A week or so later, I happened to drive by the same station (in the evening) and saw the same campaign sign, inside the station, positioned next to the glass garage door.
Minnesota Statutes 211B.045 states: In a state general election year (evenyears) campaign signs may be placed from 46 days before the primary until 10 days after the general election. For 2012, this period begins June 29. Scott Schulte’s campaign sign has been out since May…. and now he is driving a car promoting his campaign… with his picture and all.
I was taught, from early on, that rules/laws are to be followed. Could it be that Scott Schulte, a Coon Rapids City Council member, is unaware of Minnesota campaign statues? If elected county commissioner, would he educate himself of Anoka County Statues?…. and most important…. would he follow them? Just wondering!
To the Editor:
As a minister at Minnesota Valley Unitarian Universalist Fellowship, I have the honor of marrying many wonderful couples. The story goes the same everytime. Two people fall in love and decide they want to spend their lives together, their families approve and they have a huge and wonderful wedding.
Some of the weddings I have officiated over the years have been for gay and lesbian couples who want to marry for the same reason as anyone else – to make a lifetime promise of love and commitment.
The only difference between their ceremonies and any other I perform is simple: I am not allowed to sign one little piece of paper and send it off to the county. Their marriages are not recognized by the state of Minnesota.
Where is the religious freedom in this? Freedom of religion means allowing each congregation to decide for themselves who they do and do not marry. My fellow Unitarian Universalist ministers three hours to the south in Iowa are allowed to sign that little piece of paper, as are my colleagues five hours to the north in Canada.
My congregation and religious tradition believes marriage is between two loving, committed adults and we are not alone. Lutherans, Catholics, Methodists, Episcopalians and Minnesotans of many other faith backgrounds from across the state have come together to say that the proposed constitutional amendment on marriage would limit religious freedom.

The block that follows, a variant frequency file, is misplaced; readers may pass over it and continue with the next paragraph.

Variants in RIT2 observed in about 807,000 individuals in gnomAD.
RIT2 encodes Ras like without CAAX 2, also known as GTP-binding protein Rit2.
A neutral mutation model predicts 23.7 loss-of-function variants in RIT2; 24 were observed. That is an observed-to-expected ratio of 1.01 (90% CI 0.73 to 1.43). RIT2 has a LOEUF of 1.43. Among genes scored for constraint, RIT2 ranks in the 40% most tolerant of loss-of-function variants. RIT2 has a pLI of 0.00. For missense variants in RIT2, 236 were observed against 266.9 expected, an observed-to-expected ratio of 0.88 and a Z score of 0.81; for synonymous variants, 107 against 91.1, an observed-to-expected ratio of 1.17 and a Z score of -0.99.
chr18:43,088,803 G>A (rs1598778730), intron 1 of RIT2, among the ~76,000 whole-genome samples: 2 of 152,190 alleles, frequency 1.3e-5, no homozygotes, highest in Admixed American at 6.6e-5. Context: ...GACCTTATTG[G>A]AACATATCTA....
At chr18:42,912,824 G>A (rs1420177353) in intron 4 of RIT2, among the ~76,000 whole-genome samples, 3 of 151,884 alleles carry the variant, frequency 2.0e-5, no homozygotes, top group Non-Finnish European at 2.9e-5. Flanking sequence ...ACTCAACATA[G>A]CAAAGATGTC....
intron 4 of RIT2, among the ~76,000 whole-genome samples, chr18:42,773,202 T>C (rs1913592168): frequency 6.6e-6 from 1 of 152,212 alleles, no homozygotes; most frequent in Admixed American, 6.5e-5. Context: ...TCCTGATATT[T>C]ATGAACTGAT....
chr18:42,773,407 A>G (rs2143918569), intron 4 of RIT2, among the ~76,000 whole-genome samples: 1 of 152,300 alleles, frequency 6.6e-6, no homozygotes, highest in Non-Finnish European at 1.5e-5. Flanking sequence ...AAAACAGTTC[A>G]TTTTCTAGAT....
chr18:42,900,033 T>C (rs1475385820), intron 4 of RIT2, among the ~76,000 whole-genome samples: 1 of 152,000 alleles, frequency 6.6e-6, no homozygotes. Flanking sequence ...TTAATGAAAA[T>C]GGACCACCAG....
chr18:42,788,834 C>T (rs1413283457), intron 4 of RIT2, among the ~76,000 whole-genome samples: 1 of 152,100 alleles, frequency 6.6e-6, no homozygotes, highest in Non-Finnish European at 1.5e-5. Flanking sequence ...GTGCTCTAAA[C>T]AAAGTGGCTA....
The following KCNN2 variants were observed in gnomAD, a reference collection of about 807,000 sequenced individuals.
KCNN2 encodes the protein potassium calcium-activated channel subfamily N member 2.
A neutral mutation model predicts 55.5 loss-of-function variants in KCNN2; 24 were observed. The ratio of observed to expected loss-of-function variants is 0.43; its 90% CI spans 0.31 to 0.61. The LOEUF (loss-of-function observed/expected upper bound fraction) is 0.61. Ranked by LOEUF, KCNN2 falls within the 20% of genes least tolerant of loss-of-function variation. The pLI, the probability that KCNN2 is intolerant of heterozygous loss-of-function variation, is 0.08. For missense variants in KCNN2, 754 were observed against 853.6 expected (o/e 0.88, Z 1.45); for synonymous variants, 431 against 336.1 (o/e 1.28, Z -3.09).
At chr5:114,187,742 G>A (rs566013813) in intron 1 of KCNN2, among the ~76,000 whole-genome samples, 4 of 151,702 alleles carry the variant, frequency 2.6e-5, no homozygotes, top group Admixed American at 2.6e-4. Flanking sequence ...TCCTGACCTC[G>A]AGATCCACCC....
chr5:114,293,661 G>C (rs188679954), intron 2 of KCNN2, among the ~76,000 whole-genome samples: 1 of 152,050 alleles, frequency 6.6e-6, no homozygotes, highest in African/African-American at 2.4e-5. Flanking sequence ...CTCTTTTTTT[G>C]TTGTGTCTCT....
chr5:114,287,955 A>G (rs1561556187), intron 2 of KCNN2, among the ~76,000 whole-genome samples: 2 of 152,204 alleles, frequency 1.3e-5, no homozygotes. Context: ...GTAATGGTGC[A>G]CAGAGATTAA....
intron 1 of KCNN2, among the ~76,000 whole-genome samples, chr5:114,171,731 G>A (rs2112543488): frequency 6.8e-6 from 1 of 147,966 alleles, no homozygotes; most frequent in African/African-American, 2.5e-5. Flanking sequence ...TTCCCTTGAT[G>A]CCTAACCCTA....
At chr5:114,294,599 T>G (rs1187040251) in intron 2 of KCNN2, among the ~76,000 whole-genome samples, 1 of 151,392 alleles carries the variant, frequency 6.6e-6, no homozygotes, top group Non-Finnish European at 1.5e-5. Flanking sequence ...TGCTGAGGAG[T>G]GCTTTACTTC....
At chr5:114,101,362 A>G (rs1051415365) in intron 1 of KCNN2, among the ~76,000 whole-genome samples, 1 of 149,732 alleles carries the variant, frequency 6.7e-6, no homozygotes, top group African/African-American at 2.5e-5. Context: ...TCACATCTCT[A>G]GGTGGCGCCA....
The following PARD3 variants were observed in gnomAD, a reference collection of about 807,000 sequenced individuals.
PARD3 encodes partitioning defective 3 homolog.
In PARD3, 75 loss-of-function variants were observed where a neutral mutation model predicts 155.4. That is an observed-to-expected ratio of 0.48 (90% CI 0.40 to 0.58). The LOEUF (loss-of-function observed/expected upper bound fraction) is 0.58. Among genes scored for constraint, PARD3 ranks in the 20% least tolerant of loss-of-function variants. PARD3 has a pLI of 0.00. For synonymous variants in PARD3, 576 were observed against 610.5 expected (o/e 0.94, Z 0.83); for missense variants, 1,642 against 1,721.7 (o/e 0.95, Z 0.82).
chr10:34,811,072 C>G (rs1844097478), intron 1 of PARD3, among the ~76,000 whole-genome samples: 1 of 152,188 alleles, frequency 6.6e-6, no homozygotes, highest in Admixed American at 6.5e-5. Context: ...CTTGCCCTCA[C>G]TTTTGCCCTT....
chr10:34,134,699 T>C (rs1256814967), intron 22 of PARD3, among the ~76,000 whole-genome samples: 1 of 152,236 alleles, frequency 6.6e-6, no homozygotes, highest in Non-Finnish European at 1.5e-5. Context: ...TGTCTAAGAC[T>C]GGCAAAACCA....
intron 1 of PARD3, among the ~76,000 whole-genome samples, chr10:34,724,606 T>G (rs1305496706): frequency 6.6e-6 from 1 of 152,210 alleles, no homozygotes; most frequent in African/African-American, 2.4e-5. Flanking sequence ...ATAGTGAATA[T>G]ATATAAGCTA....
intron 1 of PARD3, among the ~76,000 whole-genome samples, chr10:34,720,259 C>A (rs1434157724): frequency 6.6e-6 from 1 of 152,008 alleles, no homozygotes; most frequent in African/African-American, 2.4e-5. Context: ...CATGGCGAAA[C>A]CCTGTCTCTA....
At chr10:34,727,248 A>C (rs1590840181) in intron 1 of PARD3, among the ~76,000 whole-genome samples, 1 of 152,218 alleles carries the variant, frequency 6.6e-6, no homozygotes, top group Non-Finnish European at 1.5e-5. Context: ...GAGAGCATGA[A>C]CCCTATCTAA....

In Coon Rapids on Sunday afternoon, I joined over 100 residents of the northern suburbs to discuss the importance of ensuring that the constitution is used to protect freedoms, not take them away. We must continue having conversations with friends, family, neighbors, and even strangers in our communities in order to defeat this amendment that would limit the freedom to marry.
Vote no this November!
Rev. Dr. David Breeden
Minnesota Valley Unitarian Universalist Fellowship, Bloomington
Abeler is honored
To the Editor:
Members of the Minnesota Habilitation Coalition, service providers of employment and community integration supports for people with disabilities, were pleased to join professionals from across the state in honoring Rep. Jim Abeler of Anoka with our Legislative Partner of the Year award for his tireless efforts on behalf of our state’s most vulnerable populations.
Over the past 14 years in office, and in his current role as chairman of the Minnesota House health and human services finance and reform committees, Rep. Abeler continues to champion their rights to accessible, quality services which will enhance their full participation in community life.
Most recently, Rep. Abeler took the lead and worked tirelessly to help restore a proposed 1.67 percent provider rate cut for much-needed Medicaid services. He also worked with service providers to help pass a new rate-setting methodology which will help ensure that programs serving people living in foster care and supported living services, as well as those participating in day training and habilitation, respite and prevocational and vocational programs will have the necessary funding to provide quality services.
Working effectively with state agency leadership, service providers, advocacy organizations and those who require these programs, Rep. Abeler led the way to pass legislation to assure that Minnesota continues to provide high-quality, responsive services to those who need them most.
Rep. Abeler is indeed a champion of the people and we of the Minnesota Habilitation Coalition are grateful for his insight, energy, and compassion as he works to help improve the lives of all Minnesotans.
Lynn Noren, vice president, Rise, Inc., Spring Lake Park, and
Tom Weaver, CEO, Achieve Services, Inc., Blaine